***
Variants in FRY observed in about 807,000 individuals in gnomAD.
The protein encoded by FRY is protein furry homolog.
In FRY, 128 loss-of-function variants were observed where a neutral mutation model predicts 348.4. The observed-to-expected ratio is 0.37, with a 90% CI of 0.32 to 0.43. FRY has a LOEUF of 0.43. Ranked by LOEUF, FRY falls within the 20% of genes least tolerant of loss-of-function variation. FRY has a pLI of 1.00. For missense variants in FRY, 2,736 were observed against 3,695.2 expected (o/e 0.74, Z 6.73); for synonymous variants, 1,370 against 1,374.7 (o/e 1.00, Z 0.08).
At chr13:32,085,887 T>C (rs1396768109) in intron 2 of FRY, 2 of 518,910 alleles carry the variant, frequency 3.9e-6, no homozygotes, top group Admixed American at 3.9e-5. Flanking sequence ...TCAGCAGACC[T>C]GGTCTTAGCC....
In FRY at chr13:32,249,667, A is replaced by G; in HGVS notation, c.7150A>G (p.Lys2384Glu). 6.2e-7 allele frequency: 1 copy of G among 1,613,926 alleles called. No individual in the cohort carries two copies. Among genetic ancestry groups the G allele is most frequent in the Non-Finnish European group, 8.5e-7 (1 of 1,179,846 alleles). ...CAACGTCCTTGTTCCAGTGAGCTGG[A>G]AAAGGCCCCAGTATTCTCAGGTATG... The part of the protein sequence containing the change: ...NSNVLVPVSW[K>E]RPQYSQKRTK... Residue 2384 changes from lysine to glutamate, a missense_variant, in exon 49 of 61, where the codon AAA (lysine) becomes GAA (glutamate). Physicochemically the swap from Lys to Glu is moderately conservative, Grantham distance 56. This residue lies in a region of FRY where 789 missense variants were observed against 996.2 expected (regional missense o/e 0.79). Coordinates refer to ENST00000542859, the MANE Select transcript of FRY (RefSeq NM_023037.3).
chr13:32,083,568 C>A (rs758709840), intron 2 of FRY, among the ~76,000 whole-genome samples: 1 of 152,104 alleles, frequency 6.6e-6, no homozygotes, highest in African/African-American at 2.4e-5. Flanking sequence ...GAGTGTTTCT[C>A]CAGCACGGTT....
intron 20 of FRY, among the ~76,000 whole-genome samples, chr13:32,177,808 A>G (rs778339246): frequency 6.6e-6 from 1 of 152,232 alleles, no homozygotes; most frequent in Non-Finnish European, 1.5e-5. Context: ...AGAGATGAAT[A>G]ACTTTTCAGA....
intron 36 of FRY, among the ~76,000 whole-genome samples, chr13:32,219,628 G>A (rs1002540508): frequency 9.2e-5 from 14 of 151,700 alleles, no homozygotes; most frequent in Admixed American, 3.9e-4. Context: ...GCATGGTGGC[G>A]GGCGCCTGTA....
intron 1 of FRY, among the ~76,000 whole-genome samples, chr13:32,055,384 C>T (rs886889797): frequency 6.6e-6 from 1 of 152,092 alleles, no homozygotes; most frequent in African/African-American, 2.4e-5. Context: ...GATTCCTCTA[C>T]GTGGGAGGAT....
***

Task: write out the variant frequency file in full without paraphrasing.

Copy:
Variants in FRY observed in about 807,000 individuals in gnomAD.
The protein encoded by FRY is protein furry homolog.
In FRY, 128 loss-of-function variants were observed where a neutral mutation model predicts 348.4. The observed-to-expected ratio is 0.37, with a 90% CI of 0.32 to 0.43. FRY has a LOEUF of 0.43. Ranked by LOEUF, FRY falls within the 20% of genes least tolerant of loss-of-function variation. FRY has a pLI of 1.00. For missense variants in FRY, 2,736 were observed against 3,695.2 expected (o/e 0.74, Z 6.73); for synonymous variants, 1,370 against 1,374.7 (o/e 1.00, Z 0.08).
At chr13:32,085,887 T>C (rs1396768109) in intron 2 of FRY, 2 of 518,910 alleles carry the variant, frequency 3.9e-6, no homozygotes, top group Admixed American at 3.9e-5. Flanking sequence ...TCAGCAGACC[T>C]GGTCTTAGCC....
In FRY at chr13:32,249,667, A is replaced by G; in HGVS notation, c.7150A>G (p.Lys2384Glu). 6.2e-7 allele frequency: 1 copy of G among 1,613,926 alleles called. No individual in the cohort carries two copies. Among genetic ancestry groups the G allele is most frequent in the Non-Finnish European group, 8.5e-7 (1 of 1,179,846 alleles). ...CAACGTCCTTGTTCCAGTGAGCTGG[A>G]AAAGGCCCCAGTATTCTCAGGTATG... The part of the protein sequence containing the change: ...NSNVLVPVSW[K>E]RPQYSQKRTK... Residue 2384 changes from lysine to glutamate, a missense_variant, in exon 49 of 61, where the codon AAA (lysine) becomes GAA (glutamate). Physicochemically the swap from Lys to Glu is moderately conservative, Grantham distance 56. This residue lies in a region of FRY where 789 missense variants were observed against 996.2 expected (regional missense o/e 0.79). Coordinates refer to ENST00000542859, the MANE Select transcript of FRY (RefSeq NM_023037.3).
chr13:32,083,568 C>A (rs758709840), intron 2 of FRY, among the ~76,000 whole-genome samples: 1 of 152,104 alleles, frequency 6.6e-6, no homozygotes, highest in African/African-American at 2.4e-5. Flanking sequence ...GAGTGTTTCT[C>A]CAGCACGGTT....
intron 20 of FRY, among the ~76,000 whole-genome samples, chr13:32,177,808 A>G (rs778339246): frequency 6.6e-6 from 1 of 152,232 alleles, no homozygotes; most frequent in Non-Finnish European, 1.5e-5. Context: ...AGAGATGAAT[A>G]ACTTTTCAGA....
intron 36 of FRY, among the ~76,000 whole-genome samples, chr13:32,219,628 G>A (rs1002540508): frequency 9.2e-5 from 14 of 151,700 alleles, no homozygotes; most frequent in Admixed American, 3.9e-4. Context: ...GCATGGTGGC[G>A]GGCGCCTGTA....
intron 1 of FRY, among the ~76,000 whole-genome samples, chr13:32,055,384 C>T (rs886889797): frequency 6.6e-6 from 1 of 152,092 alleles, no homozygotes; most frequent in African/African-American, 2.4e-5. Context: ...GATTCCTCTA[C>T]GTGGGAGGAT....